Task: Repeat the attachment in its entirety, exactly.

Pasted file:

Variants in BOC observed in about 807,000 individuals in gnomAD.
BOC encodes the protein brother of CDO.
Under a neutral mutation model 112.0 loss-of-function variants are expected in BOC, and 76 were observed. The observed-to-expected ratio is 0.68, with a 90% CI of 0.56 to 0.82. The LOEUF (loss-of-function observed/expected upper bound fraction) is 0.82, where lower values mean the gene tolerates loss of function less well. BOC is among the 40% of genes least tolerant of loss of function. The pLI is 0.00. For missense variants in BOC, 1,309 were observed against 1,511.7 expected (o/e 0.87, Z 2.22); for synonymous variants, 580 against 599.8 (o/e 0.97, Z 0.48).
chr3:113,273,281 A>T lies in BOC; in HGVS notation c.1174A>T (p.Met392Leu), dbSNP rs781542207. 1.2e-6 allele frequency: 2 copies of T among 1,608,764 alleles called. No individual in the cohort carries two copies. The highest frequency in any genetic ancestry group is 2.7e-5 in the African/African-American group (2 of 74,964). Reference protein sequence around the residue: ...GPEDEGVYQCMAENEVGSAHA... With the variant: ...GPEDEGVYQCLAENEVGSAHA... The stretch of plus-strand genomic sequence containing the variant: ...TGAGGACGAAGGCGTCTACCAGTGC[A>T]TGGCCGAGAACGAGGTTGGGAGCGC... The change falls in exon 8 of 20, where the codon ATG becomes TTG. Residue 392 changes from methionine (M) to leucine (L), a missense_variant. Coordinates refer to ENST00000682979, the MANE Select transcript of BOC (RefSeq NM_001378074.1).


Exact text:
Variants in BOC observed in about 807,000 individuals in gnomAD.
BOC encodes the protein brother of CDO.
Under a neutral mutation model 112.0 loss-of-function variants are expected in BOC, and 76 were observed. The observed-to-expected ratio is 0.68, with a 90% CI of 0.56 to 0.82. The LOEUF (loss-of-function observed/expected upper bound fraction) is 0.82, where lower values mean the gene tolerates loss of function less well. BOC is among the 40% of genes least tolerant of loss of function. The pLI is 0.00. For missense variants in BOC, 1,309 were observed against 1,511.7 expected (o/e 0.87, Z 2.22); for synonymous variants, 580 against 599.8 (o/e 0.97, Z 0.48).
chr3:113,273,281 A>T lies in BOC; in HGVS notation c.1174A>T (p.Met392Leu), dbSNP rs781542207. 1.2e-6 allele frequency: 2 copies of T among 1,608,764 alleles called. No individual in the cohort carries two copies. The highest frequency in any genetic ancestry group is 2.7e-5 in the African/African-American group (2 of 74,964). Reference protein sequence around the residue: ...GPEDEGVYQCMAENEVGSAHA... With the variant: ...GPEDEGVYQCLAENEVGSAHA... The stretch of plus-strand genomic sequence containing the variant: ...TGAGGACGAAGGCGTCTACCAGTGC[A>T]TGGCCGAGAACGAGGTTGGGAGCGC... The change falls in exon 8 of 20, where the codon ATG becomes TTG. Residue 392 changes from methionine (M) to leucine (L), a missense_variant. Coordinates refer to ENST00000682979, the MANE Select transcript of BOC (RefSeq NM_001378074.1).